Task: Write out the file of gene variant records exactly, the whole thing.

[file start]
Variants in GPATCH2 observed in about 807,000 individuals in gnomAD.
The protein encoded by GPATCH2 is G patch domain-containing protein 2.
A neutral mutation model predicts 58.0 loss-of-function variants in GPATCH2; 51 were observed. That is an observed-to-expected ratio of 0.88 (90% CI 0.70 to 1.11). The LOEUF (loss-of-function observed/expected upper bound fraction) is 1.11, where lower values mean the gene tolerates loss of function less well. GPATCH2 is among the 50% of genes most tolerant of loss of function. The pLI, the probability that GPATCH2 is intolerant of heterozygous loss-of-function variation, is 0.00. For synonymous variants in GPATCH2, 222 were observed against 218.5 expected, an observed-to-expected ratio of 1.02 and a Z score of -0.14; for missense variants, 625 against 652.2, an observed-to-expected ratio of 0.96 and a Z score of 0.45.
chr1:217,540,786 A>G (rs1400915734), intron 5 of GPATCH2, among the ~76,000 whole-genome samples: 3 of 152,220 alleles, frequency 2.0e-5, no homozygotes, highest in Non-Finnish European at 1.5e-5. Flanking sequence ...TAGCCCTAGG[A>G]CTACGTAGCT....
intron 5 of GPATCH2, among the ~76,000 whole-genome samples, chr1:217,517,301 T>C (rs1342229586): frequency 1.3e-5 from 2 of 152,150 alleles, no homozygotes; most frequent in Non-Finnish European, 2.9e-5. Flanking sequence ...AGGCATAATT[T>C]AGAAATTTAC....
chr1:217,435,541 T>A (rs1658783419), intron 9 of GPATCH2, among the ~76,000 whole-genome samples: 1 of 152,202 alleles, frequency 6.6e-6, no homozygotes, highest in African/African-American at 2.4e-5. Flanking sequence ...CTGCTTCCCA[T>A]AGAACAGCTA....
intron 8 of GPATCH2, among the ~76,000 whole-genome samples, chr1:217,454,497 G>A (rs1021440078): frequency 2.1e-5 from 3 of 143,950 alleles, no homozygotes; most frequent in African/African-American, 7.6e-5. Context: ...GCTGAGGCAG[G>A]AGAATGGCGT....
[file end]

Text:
Variants in GPATCH2 observed in about 807,000 individuals in gnomAD.
The protein encoded by GPATCH2 is G patch domain-containing protein 2.
A neutral mutation model predicts 58.0 loss-of-function variants in GPATCH2; 51 were observed. That is an observed-to-expected ratio of 0.88 (90% CI 0.70 to 1.11). The LOEUF (loss-of-function observed/expected upper bound fraction) is 1.11, where lower values mean the gene tolerates loss of function less well. GPATCH2 is among the 50% of genes most tolerant of loss of function. The pLI, the probability that GPATCH2 is intolerant of heterozygous loss-of-function variation, is 0.00. For synonymous variants in GPATCH2, 222 were observed against 218.5 expected, an observed-to-expected ratio of 1.02 and a Z score of -0.14; for missense variants, 625 against 652.2, an observed-to-expected ratio of 0.96 and a Z score of 0.45.
chr1:217,540,786 A>G (rs1400915734), intron 5 of GPATCH2, among the ~76,000 whole-genome samples: 3 of 152,220 alleles, frequency 2.0e-5, no homozygotes, highest in Non-Finnish European at 1.5e-5. Flanking sequence ...TAGCCCTAGG[A>G]CTACGTAGCT....
intron 5 of GPATCH2, among the ~76,000 whole-genome samples, chr1:217,517,301 T>C (rs1342229586): frequency 1.3e-5 from 2 of 152,150 alleles, no homozygotes; most frequent in Non-Finnish European, 2.9e-5. Flanking sequence ...AGGCATAATT[T>C]AGAAATTTAC....
chr1:217,435,541 T>A (rs1658783419), intron 9 of GPATCH2, among the ~76,000 whole-genome samples: 1 of 152,202 alleles, frequency 6.6e-6, no homozygotes, highest in African/African-American at 2.4e-5. Flanking sequence ...CTGCTTCCCA[T>A]AGAACAGCTA....
intron 8 of GPATCH2, among the ~76,000 whole-genome samples, chr1:217,454,497 G>A (rs1021440078): frequency 2.1e-5 from 3 of 143,950 alleles, no homozygotes; most frequent in African/African-American, 7.6e-5. Context: ...GCTGAGGCAG[G>A]AGAATGGCGT....